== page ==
3. The transmission arrangement is the real eye catcher!! A 4 speed secured against the bell housing is the more common unit used on Chevy & GMC trucks from 1948 to about 1964. The real surprise is a second 4 speed (it appears from the original 1935) that is secured backward to the front 4 speed. This raises the Doodlebug’s speed up to passenger car miles/hours if anyone would consider driving it that fast. By Steve’s calculations this gives it 34 forward gears. The lowest (for moving beside slow snails) is over 372 to 1 ratio. Remember: All is home-made with parts that could be found locally (probably less than 6 of these forward gears were ever used).
  4. The next is really impressive! Dual rears (Steve only adds them during raining and snow months) is a real example of creating custom overloads on its dual tires. The two outside tires are slightly smaller than the inners and are wrapped with chains. Therefore, it runs on a smooth field on the large inner tires. If they sink into soft soil or mud the outside tires, with chains, help in the pull. What an idea!!
  5. The rear axles are secured directly to the light-weight original 1935 frame. This prevents the narrow 1 3/4” wide leaf springs from bending and breaking on a heavy pull.
  6. As the frame is shortened, the drive shaft must be cut to length.

DOODLEBUG KITS

Of course, hungry entrepreneurs quickly jumped on the opportunity to make it easier for people to own a Doodlebug. Kits became available in farm stores as well as in mail-order catalogs such as Montgomery Ward and Sears and Robuck. For those not quite as creative, it was a good way to create your own Doodlebug. Most conversion parts were included so it was not necessary to hire the town mechanic to help. The more common kits were for a Chevrolet or Ford vehicle because so many of these makes were in existence. Other less popular vehicles had no Doodlebug kits and the owner was totally on his own to build his own little tractor.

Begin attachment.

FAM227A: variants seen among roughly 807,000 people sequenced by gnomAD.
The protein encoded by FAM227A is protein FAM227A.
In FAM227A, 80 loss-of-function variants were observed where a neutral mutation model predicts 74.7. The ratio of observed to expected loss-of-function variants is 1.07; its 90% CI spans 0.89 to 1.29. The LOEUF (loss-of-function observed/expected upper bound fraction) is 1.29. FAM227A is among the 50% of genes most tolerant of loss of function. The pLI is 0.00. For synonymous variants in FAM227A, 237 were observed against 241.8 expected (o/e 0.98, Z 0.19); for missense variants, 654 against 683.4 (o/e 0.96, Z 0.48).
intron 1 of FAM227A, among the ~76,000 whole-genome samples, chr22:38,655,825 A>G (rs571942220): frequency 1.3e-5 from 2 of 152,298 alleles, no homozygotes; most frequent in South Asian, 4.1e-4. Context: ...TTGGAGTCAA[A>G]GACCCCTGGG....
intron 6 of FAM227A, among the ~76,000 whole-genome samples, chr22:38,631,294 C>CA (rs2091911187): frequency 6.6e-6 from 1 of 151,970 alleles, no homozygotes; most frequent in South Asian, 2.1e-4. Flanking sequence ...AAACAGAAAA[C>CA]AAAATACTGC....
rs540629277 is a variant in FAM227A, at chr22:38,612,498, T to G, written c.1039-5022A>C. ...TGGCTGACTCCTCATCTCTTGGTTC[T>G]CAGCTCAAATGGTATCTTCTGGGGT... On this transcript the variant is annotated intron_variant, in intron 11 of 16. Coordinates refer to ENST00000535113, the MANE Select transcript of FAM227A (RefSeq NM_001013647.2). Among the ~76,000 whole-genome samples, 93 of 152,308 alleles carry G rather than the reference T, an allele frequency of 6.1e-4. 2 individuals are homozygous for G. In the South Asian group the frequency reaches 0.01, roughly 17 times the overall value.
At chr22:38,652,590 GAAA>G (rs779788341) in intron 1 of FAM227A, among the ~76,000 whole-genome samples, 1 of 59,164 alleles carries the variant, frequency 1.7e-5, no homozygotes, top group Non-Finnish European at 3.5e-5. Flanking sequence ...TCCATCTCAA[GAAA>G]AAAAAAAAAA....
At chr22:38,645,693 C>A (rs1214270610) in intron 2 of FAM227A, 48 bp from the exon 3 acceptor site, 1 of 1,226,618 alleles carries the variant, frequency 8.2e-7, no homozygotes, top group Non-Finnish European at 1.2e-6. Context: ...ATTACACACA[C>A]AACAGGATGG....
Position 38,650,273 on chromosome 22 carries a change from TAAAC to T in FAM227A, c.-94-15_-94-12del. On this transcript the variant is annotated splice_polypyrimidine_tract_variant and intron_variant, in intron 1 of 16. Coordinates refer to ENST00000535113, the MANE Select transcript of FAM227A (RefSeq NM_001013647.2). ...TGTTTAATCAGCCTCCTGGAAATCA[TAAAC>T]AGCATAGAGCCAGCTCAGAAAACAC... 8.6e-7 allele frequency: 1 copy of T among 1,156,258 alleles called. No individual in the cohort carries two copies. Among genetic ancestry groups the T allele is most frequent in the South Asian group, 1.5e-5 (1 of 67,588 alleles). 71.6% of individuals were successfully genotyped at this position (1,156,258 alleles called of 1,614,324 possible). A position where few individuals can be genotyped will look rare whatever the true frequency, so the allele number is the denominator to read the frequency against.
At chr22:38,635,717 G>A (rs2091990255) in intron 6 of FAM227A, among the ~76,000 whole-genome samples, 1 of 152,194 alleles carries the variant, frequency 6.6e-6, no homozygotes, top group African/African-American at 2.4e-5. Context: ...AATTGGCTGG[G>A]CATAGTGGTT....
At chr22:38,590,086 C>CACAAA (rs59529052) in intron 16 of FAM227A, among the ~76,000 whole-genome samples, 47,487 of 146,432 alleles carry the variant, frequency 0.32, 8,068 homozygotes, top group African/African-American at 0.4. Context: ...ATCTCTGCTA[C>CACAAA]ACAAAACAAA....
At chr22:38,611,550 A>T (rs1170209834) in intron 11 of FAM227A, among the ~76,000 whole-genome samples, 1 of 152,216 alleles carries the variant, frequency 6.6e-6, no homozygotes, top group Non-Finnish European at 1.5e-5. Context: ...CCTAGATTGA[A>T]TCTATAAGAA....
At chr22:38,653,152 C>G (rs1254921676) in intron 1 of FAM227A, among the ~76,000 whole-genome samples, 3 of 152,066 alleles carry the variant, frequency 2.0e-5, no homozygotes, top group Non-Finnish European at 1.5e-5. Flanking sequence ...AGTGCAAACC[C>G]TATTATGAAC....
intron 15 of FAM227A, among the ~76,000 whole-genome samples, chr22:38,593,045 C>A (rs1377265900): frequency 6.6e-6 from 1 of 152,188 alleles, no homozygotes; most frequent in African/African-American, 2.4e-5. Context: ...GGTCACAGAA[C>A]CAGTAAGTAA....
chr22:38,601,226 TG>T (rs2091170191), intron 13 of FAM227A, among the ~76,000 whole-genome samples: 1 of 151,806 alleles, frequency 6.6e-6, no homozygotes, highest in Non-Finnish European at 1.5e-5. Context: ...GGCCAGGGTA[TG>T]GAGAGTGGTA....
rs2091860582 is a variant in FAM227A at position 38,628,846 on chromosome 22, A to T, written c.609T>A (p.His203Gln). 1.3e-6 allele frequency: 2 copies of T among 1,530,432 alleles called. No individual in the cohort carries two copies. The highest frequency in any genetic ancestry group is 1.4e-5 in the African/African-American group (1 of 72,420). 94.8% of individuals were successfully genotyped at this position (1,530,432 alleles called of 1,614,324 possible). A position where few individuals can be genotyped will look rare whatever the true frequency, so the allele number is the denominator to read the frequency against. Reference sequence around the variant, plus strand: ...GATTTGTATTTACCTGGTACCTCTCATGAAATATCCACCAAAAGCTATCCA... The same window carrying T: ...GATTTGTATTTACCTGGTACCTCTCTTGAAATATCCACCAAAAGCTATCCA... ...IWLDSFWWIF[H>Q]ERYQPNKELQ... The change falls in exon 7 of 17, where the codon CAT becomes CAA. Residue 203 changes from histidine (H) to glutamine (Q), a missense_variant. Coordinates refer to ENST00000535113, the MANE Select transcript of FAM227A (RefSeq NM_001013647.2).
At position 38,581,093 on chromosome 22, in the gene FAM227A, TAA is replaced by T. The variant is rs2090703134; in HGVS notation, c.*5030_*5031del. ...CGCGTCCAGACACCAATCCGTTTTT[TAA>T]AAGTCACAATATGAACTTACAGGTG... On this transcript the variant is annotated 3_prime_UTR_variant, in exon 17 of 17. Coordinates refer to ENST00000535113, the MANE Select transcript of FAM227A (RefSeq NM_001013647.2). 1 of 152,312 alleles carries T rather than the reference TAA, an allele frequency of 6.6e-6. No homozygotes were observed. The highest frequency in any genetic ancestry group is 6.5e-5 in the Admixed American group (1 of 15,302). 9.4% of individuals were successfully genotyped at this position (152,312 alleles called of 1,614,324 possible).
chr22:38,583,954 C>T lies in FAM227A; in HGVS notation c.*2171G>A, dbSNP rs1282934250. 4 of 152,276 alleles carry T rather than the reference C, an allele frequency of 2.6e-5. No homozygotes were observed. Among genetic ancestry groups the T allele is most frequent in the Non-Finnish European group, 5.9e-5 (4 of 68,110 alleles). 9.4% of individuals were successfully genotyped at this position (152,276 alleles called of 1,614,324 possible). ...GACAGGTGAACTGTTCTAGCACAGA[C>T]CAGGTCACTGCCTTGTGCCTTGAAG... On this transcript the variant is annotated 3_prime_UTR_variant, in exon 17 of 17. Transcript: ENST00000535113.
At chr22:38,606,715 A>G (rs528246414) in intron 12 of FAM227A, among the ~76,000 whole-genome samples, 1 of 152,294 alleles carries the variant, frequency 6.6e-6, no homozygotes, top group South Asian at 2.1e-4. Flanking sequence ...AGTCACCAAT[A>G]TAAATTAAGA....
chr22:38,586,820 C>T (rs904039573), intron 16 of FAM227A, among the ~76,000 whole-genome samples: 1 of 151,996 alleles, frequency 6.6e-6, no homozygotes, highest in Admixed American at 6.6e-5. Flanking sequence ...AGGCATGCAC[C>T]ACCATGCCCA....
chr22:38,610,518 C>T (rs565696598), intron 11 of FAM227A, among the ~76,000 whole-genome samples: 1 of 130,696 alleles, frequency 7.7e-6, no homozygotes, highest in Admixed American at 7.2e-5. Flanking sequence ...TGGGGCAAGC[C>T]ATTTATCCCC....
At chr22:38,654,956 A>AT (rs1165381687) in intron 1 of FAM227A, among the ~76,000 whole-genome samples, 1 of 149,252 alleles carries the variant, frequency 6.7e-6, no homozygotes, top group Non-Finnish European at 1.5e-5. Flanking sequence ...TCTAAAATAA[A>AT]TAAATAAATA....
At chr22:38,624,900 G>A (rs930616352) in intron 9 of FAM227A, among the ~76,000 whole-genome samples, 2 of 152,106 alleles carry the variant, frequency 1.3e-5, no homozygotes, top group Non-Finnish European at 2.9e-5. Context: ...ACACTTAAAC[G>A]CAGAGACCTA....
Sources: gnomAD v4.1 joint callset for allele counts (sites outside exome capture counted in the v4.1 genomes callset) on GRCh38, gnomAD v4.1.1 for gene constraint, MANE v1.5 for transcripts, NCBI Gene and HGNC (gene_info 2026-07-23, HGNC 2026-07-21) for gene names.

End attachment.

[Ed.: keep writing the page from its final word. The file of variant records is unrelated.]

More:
DOODLEBUG CLUBS

In looking for a Doodlebug Club to join, Steve found none in the Midwest only a few in New England. So he started his own club with free membership. In 2 years, he has 78 members! He calls it: The Winch Truck / Doodlebug Strip down Association of America. (Try to get all this on a club flag)

A FAMILY AFFAIR

Steve’s whole family gets into the fun of owning a Doodlebug. People at car and truck shows stop all conversation as Steve creeps by on his little tractor. Some attached photos show a local Boy Scout troop selling 50cents soda pop as they ease by rows of vehicles on display. A donation! Most usually donate at least $1.00 to the Boy Scouts for their summer camp.

To Steve’s surprise there were many, many Doodlebugs in Europe. After the disasters of WWII the people had no money to buy tractors. If they wanted to go back to farming, they had to build their own. Even used little vehicles like Opel’s and related English cars were made into Doodlebugs.

You can contact Steve Mosley at mongo@mongosgarage.com.


Bringing it Home


Soon after its on its own feet. (The hood is laying in the back)


The Front Vocal Point


Beauty and the Beast


The “SODA POP” Salesmen


Steve in the Lawn Chair Seat


50₵ “Soda Pop” at a Car Show


Hydraulic Brakes only on the Front


Connecting Two 4 Speed Transmissions